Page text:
UPPER PENINSULA, MI

Ever since we heard about Michigan’s Upper Peninsula some years ago, we’ve been eager to see it. It was first described to us as “basically Canada”. The Upper Peninsula (the UP) is the northern section of the state that in the past has frequently been forgotten on maps and verbal discussions of the more widely recognized lower half (the Mitten). We had planned a long weekend camping trip with Allison to see what it was all about.

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After arriving in Holland and spending some much needed time tidying up the bus and getting batteries all charged back up, it was time to leave on our big camping trip. This is the trip we have been planning for a while, and the reason we didn’t spend as much time in some of the other states. Allison had taken Friday off, so we were all set to depart Thursday evening when she got home from work. The bus was loaded with food and gear for our UP adventure! And we couldn’t forget to bring along some Bell’s Oberon, the official summer beer of Michigan. Setting off from Holland around 5 PM, we headed north toward Mackinaw City, our stopping point for the night. As we were driving, Allison and I had been looking up places to park overnight, and hadn’t turned up much of anything. We figured it would be another Wal-Mart night for us, until we decided to try a place called French Farm Lake, which supposedly had free camping. It didn’t look like much on the map, but we had to go check it out. Arriving in Mackinaw City we got a great view of the Mackinac (still pronounced “Mackinaw”) bridge as the sun went down, we turned off the highway and found the road leading to French Farm Lake. This road was a decent gravel road, although a little narrow for the bus, so we pushed on farther into the woods. Soon the road turned to sandy dirt and got even narrower. We threaded the bus through the trees looking for a spot big enough to pull off and set up camp. It was quickly getting dark and hard to see in the forest along the lake. We found a spot that looked like it would work, but we needed to turn around to get a better approach angle, so we continued down the road in search of a wide enough area to turn around. A little farther down the road ended at a small turn around where several grizzled locals were pulling small fishing boats out of the water for the night, they all stared with amusement as they watched us come cruising up in the giant bus, and turn around in the small sandy area. At last we were pointing the other direction down the narrow dirt lane, and drove back up to the spot we had seen. Fortunately Allison and I were able to use flashlights and help watch all the corners as Steven made a strange 3 point turn and squeezed up into the trees, we had made it to our camping spot for the night! So much better than another parking lot stop. We set about making a small campfire and putting together some hot sandwiches and soup for dinner. Relaxing around a fire with a cold can of beer was a great way to end the night and start our camping adventure. While we sat quietly and enjoyed the evening sounds we heard a loon singing his mournful call out on the lake. It was then that I realized we had arrived. This was the place to be.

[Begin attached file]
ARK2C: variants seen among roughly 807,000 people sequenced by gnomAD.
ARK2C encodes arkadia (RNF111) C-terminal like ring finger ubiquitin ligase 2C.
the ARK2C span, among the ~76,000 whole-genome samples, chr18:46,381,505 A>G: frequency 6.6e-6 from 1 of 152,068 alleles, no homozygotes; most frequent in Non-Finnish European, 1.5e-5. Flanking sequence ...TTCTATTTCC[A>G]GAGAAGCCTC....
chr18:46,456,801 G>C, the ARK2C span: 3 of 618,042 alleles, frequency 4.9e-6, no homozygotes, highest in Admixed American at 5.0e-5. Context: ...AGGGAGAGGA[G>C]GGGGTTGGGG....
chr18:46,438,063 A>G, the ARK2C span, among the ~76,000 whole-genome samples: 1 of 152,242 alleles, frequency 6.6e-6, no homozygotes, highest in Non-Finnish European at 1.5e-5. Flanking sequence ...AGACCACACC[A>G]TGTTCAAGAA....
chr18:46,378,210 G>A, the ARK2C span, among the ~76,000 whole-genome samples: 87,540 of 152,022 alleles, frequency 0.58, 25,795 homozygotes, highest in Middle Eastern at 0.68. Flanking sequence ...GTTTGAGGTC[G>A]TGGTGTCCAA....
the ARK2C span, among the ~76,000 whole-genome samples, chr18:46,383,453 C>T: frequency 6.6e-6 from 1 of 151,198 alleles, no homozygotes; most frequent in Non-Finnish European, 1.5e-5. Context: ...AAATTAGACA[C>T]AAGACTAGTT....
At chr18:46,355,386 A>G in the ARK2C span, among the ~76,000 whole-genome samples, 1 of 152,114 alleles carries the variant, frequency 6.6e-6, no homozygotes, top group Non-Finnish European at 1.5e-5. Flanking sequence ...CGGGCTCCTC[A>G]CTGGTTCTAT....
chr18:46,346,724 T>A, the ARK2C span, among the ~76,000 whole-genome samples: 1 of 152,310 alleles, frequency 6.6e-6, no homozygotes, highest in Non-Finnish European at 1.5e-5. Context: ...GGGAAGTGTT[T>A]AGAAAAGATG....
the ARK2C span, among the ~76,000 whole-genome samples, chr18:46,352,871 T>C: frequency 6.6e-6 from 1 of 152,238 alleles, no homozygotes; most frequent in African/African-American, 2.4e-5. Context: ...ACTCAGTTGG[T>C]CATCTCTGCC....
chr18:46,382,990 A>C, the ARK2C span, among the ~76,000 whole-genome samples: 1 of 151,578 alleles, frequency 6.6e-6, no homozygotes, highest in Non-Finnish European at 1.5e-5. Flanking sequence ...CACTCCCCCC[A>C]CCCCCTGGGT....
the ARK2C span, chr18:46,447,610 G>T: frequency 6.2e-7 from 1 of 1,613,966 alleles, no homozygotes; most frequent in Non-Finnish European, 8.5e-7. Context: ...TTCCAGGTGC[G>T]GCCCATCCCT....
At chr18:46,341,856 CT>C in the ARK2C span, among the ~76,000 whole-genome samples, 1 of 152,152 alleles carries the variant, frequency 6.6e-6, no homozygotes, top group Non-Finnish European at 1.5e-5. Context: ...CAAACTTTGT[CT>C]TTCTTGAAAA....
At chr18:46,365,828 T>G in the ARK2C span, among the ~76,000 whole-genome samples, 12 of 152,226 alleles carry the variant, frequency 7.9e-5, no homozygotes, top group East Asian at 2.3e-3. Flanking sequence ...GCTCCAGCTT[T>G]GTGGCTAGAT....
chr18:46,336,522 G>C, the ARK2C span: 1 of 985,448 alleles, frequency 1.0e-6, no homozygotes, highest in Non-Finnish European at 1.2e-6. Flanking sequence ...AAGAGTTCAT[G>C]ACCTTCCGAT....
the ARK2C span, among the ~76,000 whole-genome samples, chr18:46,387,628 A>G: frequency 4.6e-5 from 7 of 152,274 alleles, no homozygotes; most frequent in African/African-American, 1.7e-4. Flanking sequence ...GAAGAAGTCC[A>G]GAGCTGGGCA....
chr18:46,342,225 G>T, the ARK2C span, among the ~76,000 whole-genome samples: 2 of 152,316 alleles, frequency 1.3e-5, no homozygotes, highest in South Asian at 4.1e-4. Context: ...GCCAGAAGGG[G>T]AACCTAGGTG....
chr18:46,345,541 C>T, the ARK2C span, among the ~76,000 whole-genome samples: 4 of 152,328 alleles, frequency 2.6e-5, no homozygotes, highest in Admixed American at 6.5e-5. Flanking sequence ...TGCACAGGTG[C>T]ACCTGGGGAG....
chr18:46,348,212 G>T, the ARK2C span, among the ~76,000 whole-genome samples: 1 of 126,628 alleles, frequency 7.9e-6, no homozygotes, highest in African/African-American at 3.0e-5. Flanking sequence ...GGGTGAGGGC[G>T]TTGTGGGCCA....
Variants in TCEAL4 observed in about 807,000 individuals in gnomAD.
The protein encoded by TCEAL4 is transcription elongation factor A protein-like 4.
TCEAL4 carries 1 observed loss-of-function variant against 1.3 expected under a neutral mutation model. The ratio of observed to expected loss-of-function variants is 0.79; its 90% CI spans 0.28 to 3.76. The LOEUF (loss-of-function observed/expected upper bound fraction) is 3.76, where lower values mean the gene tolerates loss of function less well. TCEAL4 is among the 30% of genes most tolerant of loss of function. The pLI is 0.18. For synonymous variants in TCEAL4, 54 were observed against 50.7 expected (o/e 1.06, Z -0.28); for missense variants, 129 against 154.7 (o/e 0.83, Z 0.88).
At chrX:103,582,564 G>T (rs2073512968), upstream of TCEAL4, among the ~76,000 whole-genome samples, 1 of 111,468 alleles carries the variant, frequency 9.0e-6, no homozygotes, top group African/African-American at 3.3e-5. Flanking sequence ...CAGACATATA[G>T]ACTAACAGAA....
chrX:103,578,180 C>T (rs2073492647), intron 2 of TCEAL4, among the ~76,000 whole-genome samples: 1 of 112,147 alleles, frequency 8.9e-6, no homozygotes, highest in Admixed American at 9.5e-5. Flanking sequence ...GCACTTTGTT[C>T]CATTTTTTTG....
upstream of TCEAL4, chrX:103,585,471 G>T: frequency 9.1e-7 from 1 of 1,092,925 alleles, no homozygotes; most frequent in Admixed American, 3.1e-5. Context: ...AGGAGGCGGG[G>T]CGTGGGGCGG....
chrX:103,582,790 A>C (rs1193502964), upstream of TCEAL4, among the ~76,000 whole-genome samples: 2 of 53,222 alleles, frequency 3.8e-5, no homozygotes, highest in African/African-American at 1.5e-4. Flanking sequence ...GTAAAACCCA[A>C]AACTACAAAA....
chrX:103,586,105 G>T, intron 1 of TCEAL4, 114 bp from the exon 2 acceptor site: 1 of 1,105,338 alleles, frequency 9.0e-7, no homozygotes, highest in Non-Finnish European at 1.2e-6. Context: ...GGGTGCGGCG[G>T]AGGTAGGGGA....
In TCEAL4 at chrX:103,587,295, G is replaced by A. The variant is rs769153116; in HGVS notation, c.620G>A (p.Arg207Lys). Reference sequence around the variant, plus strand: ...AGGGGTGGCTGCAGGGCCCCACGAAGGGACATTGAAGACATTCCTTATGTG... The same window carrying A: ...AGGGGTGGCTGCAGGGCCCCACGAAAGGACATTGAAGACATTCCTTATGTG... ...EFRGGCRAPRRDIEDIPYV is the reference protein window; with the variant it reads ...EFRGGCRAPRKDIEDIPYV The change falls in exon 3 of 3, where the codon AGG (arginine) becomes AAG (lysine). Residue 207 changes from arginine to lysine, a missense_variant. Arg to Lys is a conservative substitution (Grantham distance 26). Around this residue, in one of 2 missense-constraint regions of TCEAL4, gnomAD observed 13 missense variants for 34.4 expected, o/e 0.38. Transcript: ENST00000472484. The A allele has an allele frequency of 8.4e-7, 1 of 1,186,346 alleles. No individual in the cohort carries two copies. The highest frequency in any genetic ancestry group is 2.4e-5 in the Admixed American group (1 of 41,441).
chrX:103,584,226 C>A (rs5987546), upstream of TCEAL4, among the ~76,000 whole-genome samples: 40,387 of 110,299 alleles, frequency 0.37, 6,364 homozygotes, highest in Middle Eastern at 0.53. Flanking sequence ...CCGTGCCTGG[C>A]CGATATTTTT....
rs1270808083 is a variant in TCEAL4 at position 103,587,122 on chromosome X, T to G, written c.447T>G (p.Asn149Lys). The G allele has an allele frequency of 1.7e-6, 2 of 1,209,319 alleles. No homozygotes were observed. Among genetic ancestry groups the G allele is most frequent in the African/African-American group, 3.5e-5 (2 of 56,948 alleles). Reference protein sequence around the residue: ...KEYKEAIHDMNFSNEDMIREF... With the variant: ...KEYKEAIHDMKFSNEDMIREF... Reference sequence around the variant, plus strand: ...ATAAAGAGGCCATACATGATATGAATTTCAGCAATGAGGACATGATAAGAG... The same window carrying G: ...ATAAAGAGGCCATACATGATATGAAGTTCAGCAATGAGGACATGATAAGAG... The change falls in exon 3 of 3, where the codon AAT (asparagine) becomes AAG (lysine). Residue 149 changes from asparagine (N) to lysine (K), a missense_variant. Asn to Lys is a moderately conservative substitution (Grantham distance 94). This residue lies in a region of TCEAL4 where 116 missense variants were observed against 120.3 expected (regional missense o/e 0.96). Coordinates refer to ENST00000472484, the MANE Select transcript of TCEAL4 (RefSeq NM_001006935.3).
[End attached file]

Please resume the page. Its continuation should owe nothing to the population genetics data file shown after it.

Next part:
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Waking up the next morning to a view of the sun on the little lake was great, it’s nice to have a bedroom with so many windows! After cooking some delicious eggs in the cast iron skillet we set about cleaning up camp, preparing to continue our trek into the UP. After taking photos and climbing the small dune next to our campsite we fired up the bus and began the process of extracting ourselves from the trees. Again it was very nice to have 2 extra sets of eyes to help maneuver through the trees and back out onto the road. From there it was a piece of cake to find our way back out to Mackinaw City and head for the bridge to the UP.

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Ask anyone familiar with Michigan about the UP and they will tell you it’s one of the greatest summer destinations in the country. Ask someone in the UP about it, and they will tell you it is the best place on Earth, period. Residents of the UP, or Yoopers, are very enthusiastic about their stomping grounds. And they have many reasons to be proud! Entering the UP is like entering another country, and it all starts with the Mackinac Bridge. It’s a long suspension bridge that provides a beautiful view of the Straits of Mackinac, where Lake Michigan and Lake Huron meet. When you get to the other side, you’ve made it to the Upper Peninsula. We stopped at a bridge overlook to snap some photos.

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Our next stop was Tahquamenon Falls State Park (rhymes with phenomenon). It didn’t take long to get there, maybe an hour and a half. So we had plenty of time to get settled at our campsite and go exploring. We loved all the hilarious looks we got from our fellow campers with their tents or fancy RVs. Our neighbors next to us had a nice rig, complete with two scooters and two folding bicycles, and they made sure not to engage with us. Their loss! But other campers around the park were more interested, and told us they thought the bus was awesome. We beamed with pride.